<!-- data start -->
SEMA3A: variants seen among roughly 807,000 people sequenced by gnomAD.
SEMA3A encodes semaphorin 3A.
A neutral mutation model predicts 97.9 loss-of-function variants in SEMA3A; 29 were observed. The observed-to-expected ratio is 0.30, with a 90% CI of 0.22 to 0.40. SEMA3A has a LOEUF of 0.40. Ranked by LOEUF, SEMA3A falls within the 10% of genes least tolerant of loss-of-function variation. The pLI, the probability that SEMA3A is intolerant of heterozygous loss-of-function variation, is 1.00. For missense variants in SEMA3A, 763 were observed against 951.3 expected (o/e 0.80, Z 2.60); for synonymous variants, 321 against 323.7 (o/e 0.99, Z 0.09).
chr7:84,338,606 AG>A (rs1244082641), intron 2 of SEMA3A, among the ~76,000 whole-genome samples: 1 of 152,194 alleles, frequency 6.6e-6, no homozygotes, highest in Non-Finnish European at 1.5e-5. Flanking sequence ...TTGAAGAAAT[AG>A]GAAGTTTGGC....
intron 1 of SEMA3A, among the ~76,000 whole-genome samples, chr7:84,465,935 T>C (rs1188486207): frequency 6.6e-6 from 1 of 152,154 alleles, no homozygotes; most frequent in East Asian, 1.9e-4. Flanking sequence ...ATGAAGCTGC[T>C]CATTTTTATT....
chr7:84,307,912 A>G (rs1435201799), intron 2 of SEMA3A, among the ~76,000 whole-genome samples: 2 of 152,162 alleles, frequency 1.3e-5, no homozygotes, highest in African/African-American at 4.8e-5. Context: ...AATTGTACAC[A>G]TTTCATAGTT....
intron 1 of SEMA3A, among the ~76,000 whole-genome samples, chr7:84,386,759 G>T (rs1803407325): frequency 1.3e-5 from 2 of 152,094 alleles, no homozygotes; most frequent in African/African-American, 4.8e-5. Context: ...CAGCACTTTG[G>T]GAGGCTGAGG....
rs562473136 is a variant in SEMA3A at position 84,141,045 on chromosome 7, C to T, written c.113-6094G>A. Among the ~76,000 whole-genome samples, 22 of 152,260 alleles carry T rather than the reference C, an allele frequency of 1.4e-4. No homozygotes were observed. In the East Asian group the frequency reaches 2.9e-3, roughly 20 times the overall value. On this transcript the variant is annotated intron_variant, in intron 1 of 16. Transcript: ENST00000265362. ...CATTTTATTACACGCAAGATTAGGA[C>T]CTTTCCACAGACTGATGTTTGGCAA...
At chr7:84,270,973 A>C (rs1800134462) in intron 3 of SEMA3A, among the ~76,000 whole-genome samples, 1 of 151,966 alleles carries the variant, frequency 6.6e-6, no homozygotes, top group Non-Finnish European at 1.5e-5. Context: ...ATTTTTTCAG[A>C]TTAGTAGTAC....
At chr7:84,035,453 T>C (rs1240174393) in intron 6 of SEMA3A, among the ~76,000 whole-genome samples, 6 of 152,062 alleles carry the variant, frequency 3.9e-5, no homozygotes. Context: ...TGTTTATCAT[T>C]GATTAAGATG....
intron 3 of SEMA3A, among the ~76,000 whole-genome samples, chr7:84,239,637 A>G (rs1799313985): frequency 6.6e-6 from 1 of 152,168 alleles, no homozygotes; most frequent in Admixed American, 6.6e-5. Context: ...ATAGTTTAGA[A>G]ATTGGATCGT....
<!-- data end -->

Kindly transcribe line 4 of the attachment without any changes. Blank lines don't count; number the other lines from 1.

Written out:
chr7:84,338,606 AG>A (rs1244082641), intron 2 of SEMA3A, among the ~76,000 whole-genome samples: 1 of 152,194 alleles, frequency 6.6e-6, no homozygotes, highest in Non-Finnish European at 1.5e-5. Flanking sequence ...TTGAAGAAAT[AG>A]GAAGTTTGGC....